SA commercial property sector still under pressure in 2024, CEOs say

SA commercial property sector still under pressure in 2024, CEOs say

Earnings growth in South Africa’s commercial real estate industry will still be under pressure in 2024 due to high finance costs unless the central bank starts to aggressively cut interest rates, executives of the country’s top two property groups said on Thursday.

Commercial real estate was one of the hardest hit by the pandemic, when government-imposed lockdowns shut offices and limited shopping trips, resulting in some tenants deferring rent, hitting income and profits for the industry.



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While share prices have recovered, property companies are facing a double whammy of office oversupply and sharply higher funding costs driven by higher interest rates.

Estienne de Klerk, CEO of Growthpoint Properties South Africa business told Reuters on the sidelines of a property conference that property fundamentals certainly have stabilised and seem to be improving, however “it doesn’t mean that it isn’t tough out there.”


“In terms of distributions, I do think that this year and potentially still next year the industry will still be hampered by interest rates coming through the debt book as we roll out of interest rate hedges into more expensive interest rate hedges,” he said.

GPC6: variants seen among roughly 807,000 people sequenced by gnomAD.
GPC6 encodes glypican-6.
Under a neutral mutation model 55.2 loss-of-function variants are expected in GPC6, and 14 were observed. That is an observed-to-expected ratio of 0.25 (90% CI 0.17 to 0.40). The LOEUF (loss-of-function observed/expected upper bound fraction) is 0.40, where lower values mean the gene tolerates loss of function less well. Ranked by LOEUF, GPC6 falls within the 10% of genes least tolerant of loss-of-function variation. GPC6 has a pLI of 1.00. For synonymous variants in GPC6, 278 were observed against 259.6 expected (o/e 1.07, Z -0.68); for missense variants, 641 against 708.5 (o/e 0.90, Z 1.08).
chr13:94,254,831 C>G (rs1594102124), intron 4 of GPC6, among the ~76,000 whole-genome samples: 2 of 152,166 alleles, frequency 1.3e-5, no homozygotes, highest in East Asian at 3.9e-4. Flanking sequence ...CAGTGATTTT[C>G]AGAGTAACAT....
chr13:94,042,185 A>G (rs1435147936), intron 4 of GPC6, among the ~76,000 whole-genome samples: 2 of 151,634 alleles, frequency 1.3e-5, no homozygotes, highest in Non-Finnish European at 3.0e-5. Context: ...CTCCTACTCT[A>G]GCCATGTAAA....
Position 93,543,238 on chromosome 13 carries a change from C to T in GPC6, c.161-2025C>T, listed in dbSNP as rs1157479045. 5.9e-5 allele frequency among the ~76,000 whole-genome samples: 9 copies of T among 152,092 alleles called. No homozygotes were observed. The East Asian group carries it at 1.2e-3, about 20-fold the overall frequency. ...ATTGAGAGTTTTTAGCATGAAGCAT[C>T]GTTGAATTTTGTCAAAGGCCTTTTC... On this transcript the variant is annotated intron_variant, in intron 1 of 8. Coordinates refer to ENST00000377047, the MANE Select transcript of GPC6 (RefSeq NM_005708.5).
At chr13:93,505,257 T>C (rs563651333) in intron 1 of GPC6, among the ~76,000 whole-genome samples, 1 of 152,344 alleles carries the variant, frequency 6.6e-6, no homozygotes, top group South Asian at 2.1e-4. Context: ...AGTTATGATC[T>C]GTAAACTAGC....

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Distributable income per share (DIPS)- one of the primary measures of underlying financial performance in the listed property sector – of some property companies like the country’s biggest real estate group Growthpoint and no.2 Redefine Properties have either marginally risen or decreased, mainly hit by high rates.


South Africa’s Reserve Bank paused its interest rate hiking cycle in July for the first time since November 2021. Economists expect rate cuts to restart as early as May this year.



A high interest rate environment also lowers the asset value of properties.

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In a rising interest rate environment, 77.7% of Growthpoint’s debt book is hedged, while domestic finance costs, including finance costs and income received on interest rate swaps, increased by R215 million ($11.34 million) during its financial year ended June 30.

Redefine is also hedged at 77.1% of total group debt. Its cost of debt ticked up by 110 basis points to 7.1% in the year ended August 31 from 6% in 2022 due to higher rates.

Leon Kok, the Chief Operating Officer at Redefine also told Reuters at the sideline of the conference that “from a property performance point of view there is definitely signs that it has bottomed out,” although power cuts, municipal costs, water scarcity and security remain a key risk.